The tendons and muscles of the hips are very powerful and create great forces, making them prone to inflammation and irritation. Tendonitis of the hip can result from repetitive movements involving the soft tissues surrounding the hip joint. Overuse of the hip joint in fitness workouts can lead to tendonitis. Tendons lose their elasticity as we age, resulting in swelling and irritation when the tendons are no longer �gliding� on their normal paths. Iliopsoas tendonitis plays a major role in snapping hip syndrome, or dancer�s hip. A snapping sensation when the hip is flexed and extended may be accompanied by an audible snapping or popping noise, as well as pain. This can be both an extra-articular and an intra-articular occurrence. Extra-articular snapping is often found in those patients with a leg length difference (the longer leg is symptomatic), those with tightness of the iliotibial band on the involved side, and those with weak hip abductors and external rotators. Lateral extra-articular snapping can be caused by the iliotibial band, tensor fascia latae or gluteus medius tendon as they slide back and forth across the greater trochanter (Figure 19). If any of these connective tissue bands thickens, they can �catch� on the greater trochanter during the motion of hip extension, thereby creating the �snapping� sensation and sound. Medial extra-articular snapping, which is less common, can occur when the iliopsoas tendon catches on the anterior inferior iliac spine, lesser trochanter, or iliopectineal ridge during hip extension. Intra-articular snapping hip syndrome is similar in many ways to the extra-articular type, but often involves an underlying mechanical problem in the lower extremity, and more intense pain. Intra-articular snapping may be indicative of a torn acetabular labrum, recurrent hip subluxation, a tear of the ligamentum teres, loose bodies, articular cartilage damage, or synovial chondromatosis (cartilage formations in the synovial membrane of the joint). Snapping hip syndrome is usually found in those ages 15-40, often in those in training for the military. It can also affect athletes, especially those involved in dance, gymnastics, soccer, and track and field. These athletes will all be performing repeated hip flexions, which can lead to tendonitis in the hip area. The repetitive motions of those involved in weightlifting and running generally lead to a thickening of the tendons in the hip region, rather than snapping hip syndrome. Prevention, or at least a lessening, of this syndrome may be found with increased stretching of the iliopsosas muscle or the iliotibial band. Surgery is usually not required, unless intra-articular pathology is present.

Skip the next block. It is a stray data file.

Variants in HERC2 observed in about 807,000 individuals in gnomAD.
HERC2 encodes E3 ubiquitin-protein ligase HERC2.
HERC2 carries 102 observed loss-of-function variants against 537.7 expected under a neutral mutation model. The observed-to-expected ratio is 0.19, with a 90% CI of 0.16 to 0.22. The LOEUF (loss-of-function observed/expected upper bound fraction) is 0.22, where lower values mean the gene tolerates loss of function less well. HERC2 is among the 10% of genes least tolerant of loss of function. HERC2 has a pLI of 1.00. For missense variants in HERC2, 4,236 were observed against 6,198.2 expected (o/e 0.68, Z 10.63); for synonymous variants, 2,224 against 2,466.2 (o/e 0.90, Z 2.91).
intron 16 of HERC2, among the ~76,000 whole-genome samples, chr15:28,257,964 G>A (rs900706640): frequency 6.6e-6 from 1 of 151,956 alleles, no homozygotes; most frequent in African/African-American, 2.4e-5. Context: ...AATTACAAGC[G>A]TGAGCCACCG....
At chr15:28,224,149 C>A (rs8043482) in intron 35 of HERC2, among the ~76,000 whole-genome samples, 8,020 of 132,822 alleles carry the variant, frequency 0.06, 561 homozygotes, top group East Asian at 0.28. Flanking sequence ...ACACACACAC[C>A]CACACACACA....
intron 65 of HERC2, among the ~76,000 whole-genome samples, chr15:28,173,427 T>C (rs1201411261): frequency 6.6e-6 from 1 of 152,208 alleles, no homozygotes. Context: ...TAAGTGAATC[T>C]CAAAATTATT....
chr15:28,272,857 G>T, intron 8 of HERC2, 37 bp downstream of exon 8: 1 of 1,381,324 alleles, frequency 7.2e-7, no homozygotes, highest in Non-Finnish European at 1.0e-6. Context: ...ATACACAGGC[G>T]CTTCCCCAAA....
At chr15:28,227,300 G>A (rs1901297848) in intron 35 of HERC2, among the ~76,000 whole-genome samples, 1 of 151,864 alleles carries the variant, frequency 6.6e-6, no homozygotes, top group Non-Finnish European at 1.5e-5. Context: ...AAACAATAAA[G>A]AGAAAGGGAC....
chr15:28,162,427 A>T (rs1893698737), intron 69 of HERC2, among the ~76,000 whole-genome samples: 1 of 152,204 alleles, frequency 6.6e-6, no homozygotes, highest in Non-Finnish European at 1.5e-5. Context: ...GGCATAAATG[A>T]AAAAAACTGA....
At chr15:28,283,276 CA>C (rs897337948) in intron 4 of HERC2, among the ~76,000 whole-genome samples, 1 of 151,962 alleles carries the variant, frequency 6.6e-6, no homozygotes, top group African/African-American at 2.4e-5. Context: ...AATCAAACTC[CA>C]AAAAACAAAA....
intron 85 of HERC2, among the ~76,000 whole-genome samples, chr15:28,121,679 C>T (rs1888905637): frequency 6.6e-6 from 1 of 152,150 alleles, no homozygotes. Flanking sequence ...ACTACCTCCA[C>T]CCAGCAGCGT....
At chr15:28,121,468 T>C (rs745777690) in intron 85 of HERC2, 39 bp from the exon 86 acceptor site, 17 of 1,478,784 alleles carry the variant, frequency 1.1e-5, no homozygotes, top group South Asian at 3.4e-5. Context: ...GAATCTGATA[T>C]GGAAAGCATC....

hips

Figure 19. Hip muscles.

Tendon or muscle strains can occur suddenly, as in sports injuries, or they can develop over time, with symptoms including pain, swelling, muscle spasms, and difficulty moving certain muscles. MRI can be used to detect tendon and muscle tears and strains, as well as bone tumors and infection. MRI has shown good accuracy for the diagnosis of tears of the gluteus medius and gluteus minimus tendons, which are both abductor tendons of the hip. An association was found between these tears and areas of high signal intensity superior or lateral to the greater trochanter on T2-weighted images, tendon elongation in the gluteus medius, and tendon discontinuity (Figure 20). STIR and fat-suppressed T2-weighted coronal images are very sensitive for detection of areas of high signal intensity superior to the greater trochanter. Coronal T1-weighted images demonstrate tendon elongation in the gluteus medius (Figure 21). Axial images may prove superior for localizing involvement to individual abductor tendons and confirming tendon discontinuity (Figure 22). Tears of the abductor tendons may be the leading cause of greater trochanteric pain syndrome.